First Look at a Graffiti-Cleansed Germania Bank Building on the Bowery
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Photo: Joshua Gross
Let the erasure begin.
After months of threats, real estate mogul Aby Rosen finally decided to erase the graffiti from 190 Bowery, the 1898-vintage Germania Bank Building. There had been several prior instances during which removal methods were tested, yet no concrete action until now.
The graffiti removal was expected; rumors abounded that it would happen last month, and the massive decade-old “NEKST” tag would remain. Guess there was a delay in the process. The first few panels of “buffing tape” arrived last Tuesday, and the effort continued through the end of the week. The above shot is an updated look at the Spring Street facade as of yesterday afternoon.
The Great Bowery – the creative agency occupying the bulk of the upstairs footprint – wasn’t thrilled with the loss. “We would have much preferred the graffiti stay,” COO Melissa Kelly told Mass Appeal a couple weeks ago. “However we are really grateful that the landlord agreed to save the culturally significant NEKST piece.”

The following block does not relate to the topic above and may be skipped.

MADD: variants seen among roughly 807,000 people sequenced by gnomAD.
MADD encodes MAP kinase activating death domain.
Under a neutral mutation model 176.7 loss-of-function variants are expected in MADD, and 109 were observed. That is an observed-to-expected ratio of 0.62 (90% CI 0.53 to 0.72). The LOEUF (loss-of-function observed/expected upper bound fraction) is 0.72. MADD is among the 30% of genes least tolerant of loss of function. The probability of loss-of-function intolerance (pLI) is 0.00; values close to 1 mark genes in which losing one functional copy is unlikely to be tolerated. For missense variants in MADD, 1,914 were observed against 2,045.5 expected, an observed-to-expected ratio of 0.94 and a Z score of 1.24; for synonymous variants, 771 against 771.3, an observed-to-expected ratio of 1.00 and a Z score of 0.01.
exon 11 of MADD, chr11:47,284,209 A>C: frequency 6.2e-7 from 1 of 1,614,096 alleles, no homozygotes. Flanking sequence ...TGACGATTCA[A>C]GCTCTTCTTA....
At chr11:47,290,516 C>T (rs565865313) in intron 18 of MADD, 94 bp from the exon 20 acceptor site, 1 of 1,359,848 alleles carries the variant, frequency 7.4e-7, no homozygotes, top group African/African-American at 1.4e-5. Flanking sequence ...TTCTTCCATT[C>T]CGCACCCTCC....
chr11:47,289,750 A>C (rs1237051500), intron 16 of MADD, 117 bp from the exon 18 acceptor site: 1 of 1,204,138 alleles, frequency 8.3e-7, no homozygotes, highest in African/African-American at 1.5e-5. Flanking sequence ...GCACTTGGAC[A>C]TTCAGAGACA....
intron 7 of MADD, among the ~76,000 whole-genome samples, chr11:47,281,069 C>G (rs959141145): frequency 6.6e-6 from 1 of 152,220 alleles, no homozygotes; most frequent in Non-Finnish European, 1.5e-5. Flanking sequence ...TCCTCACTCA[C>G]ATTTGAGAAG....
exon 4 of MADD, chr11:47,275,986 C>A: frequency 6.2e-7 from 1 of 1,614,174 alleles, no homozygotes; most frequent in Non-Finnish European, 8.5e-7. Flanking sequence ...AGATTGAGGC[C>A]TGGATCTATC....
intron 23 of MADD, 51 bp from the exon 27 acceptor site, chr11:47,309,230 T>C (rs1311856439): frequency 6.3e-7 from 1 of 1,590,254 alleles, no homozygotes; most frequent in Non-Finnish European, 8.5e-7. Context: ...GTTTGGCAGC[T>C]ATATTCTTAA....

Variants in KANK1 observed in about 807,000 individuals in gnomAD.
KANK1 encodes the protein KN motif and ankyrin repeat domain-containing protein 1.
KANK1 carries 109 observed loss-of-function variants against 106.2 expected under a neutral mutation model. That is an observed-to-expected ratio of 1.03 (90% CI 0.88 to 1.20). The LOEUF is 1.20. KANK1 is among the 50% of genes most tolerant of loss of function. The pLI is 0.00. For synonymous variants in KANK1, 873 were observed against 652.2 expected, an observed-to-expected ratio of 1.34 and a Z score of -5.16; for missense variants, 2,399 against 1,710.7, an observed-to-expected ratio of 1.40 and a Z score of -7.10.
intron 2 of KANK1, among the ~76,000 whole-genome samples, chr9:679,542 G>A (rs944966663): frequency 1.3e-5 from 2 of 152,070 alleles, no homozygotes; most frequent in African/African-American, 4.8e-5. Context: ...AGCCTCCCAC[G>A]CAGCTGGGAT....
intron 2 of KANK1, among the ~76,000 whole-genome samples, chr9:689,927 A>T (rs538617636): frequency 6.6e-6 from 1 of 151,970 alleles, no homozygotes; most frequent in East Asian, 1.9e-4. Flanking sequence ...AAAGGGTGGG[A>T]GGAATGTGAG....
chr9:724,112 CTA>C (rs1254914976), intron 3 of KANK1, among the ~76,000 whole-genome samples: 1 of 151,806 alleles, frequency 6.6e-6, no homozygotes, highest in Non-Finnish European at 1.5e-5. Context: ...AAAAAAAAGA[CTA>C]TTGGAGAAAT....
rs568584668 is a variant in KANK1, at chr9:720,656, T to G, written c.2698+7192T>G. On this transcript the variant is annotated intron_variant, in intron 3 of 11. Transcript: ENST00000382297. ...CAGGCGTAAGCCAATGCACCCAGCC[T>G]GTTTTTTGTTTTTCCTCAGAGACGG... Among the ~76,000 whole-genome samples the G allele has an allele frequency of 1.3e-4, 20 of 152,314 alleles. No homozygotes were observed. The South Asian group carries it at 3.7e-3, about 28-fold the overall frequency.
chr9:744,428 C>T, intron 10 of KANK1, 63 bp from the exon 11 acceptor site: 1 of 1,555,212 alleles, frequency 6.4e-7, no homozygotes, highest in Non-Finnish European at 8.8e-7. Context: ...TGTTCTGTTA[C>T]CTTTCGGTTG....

NEKST began writing in 1996 (as “Next”) and eventually ascended the ladder to become a heavyweight in the scene. He once stated in an interview that “my work has always been about scale and visibility.” The Houston-based street writer died back in December 2012.
Aby Rosen opted to act at the outset of the holiday, a likely ploy to avoid the spotlight during the mass exodus. As previously reported, Rosen purchased 190 Bowery from artist Jay Maisel for $55 million two years ago.